WLOX - President Obama has proclaimed Sept. 18 - 24 Prescription Opioid and Heroin Epidemic Awareness Week.
As the government tries to crack down on high intensity drug trafficking, law enforcement - and even doctors - are fighting the fight in south Mississippi.
Ryan Hearn is quite familiar with the heroin and opioid epidemic.
"We've become more comfortable, I think, in society with taking opioids for just minor pain," said Hearn. "So now what we've caused is a generation of addiction."
Hearn, who is captain of the Harrison County Sheriff's Narcotic Unit believes heroin use is on the rise because the high that users get from prescription drugs is similar.
"Heroin is much easier to get and it's cheaper. So if I'm paying $30 a pill for an oxycodone on the streets, I can get a small amount of heroin that can do the same thing for $5 - 10," said Hearn.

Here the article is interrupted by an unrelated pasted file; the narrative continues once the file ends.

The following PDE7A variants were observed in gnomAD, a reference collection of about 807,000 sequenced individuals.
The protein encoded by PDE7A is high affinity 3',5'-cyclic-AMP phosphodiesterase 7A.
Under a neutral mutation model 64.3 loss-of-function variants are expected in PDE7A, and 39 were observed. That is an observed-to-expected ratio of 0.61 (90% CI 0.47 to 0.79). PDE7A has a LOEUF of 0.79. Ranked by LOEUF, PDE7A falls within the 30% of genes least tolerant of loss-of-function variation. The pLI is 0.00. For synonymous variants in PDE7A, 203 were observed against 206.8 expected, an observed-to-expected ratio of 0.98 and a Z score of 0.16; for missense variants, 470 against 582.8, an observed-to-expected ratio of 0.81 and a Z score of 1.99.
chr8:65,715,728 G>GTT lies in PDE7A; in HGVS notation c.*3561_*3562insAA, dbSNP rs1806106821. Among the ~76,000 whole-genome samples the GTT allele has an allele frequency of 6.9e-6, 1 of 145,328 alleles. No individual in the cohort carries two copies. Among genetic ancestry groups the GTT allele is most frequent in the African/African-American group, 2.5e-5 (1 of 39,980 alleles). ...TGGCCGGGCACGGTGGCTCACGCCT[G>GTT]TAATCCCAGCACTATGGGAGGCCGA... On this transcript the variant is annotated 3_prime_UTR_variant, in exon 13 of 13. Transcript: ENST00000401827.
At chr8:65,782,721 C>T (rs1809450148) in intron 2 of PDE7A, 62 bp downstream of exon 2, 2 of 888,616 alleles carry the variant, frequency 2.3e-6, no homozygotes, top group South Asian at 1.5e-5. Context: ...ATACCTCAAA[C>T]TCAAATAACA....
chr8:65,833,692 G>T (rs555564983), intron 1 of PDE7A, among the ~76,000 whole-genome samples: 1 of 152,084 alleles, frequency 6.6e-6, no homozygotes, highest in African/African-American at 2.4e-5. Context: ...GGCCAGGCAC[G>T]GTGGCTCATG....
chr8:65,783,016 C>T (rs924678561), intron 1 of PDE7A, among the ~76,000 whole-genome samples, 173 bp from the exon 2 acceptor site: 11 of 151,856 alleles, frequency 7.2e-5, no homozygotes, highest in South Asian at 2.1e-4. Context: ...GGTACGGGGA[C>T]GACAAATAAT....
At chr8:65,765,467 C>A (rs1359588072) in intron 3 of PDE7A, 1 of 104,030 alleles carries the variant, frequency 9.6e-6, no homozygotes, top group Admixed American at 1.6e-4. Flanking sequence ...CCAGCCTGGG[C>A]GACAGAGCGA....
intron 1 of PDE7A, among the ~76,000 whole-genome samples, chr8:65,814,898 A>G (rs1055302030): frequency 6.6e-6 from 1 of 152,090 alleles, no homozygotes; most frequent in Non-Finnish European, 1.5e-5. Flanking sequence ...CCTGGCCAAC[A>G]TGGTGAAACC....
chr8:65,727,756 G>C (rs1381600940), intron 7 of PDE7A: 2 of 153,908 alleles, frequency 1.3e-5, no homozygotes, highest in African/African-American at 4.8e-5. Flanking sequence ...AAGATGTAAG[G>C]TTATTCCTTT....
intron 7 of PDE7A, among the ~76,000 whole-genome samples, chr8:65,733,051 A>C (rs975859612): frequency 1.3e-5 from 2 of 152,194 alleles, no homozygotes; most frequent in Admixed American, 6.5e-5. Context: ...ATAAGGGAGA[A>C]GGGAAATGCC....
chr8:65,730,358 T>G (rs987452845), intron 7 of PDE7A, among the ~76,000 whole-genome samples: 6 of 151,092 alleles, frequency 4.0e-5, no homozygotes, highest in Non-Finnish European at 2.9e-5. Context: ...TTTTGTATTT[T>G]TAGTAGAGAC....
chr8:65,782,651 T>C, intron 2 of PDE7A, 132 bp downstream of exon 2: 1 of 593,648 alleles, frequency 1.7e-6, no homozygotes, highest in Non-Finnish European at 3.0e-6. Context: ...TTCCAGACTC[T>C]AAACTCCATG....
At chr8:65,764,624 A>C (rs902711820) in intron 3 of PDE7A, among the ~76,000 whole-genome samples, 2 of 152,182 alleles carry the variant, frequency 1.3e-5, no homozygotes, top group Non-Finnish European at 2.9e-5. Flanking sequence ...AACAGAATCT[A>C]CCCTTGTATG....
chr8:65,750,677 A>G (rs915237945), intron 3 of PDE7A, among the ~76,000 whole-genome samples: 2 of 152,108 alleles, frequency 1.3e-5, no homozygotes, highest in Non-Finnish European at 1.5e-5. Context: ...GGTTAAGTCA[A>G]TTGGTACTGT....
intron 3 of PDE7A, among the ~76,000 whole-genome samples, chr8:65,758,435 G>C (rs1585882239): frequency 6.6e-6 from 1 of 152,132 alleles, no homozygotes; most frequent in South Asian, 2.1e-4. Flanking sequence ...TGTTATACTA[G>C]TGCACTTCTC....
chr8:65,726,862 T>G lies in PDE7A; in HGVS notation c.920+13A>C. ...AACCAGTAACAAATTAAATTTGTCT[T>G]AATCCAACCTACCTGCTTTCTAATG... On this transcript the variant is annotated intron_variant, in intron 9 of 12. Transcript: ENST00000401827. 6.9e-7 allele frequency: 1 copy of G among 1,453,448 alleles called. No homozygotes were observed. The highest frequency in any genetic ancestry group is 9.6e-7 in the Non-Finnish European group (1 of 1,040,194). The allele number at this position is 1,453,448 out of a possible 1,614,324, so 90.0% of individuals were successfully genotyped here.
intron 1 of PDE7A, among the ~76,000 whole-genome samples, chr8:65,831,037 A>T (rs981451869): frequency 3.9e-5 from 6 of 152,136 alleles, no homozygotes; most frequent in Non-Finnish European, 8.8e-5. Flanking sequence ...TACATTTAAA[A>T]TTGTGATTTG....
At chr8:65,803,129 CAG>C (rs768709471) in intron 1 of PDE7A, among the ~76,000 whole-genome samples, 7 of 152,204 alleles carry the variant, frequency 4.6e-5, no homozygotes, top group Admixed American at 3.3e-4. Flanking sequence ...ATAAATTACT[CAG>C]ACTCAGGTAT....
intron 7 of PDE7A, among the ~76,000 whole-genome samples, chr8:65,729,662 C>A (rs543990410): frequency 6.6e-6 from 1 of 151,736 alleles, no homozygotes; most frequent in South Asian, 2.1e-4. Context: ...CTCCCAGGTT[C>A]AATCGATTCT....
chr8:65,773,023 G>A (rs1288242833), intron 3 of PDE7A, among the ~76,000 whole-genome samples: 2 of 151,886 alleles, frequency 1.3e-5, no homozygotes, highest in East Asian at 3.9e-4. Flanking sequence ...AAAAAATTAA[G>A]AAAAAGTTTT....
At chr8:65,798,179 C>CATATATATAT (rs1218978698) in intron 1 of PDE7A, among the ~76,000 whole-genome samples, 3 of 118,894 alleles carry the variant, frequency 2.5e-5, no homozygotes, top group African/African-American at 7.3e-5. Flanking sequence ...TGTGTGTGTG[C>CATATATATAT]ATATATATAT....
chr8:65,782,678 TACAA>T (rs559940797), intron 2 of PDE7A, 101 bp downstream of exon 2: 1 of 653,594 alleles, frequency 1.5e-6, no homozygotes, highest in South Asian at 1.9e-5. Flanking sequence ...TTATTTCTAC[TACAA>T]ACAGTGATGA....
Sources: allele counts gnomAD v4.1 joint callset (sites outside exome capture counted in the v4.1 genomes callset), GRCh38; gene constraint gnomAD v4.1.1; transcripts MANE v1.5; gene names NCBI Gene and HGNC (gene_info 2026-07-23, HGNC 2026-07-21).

One south Mississippi doctor took extreme measures to help combat the problem.
"I recently gave up my narcotics license so I could tell people that I couldn't do it," said Dr. Ronald Krueger. "I was bothered not only by patients, but by personal friends always wanting a little prescription for something."
Having been in the medical field for decades, Krueger remembers a time when prescribing an opioid for pain was rare; which is why he is now prescribing less addictive narcotics.
"I see no reason to treat minor pain or pain that's only going to be present for two or three days with high dose, or even low dose, opioid," said Krueger.
Krueger says he tells patients looking for opioid refills that ibuprofen is just as good for relieving pain.
According to the Centers for Disease Control and Prevention, Mississippi has 120 prescriptions for pain pills per 100 people.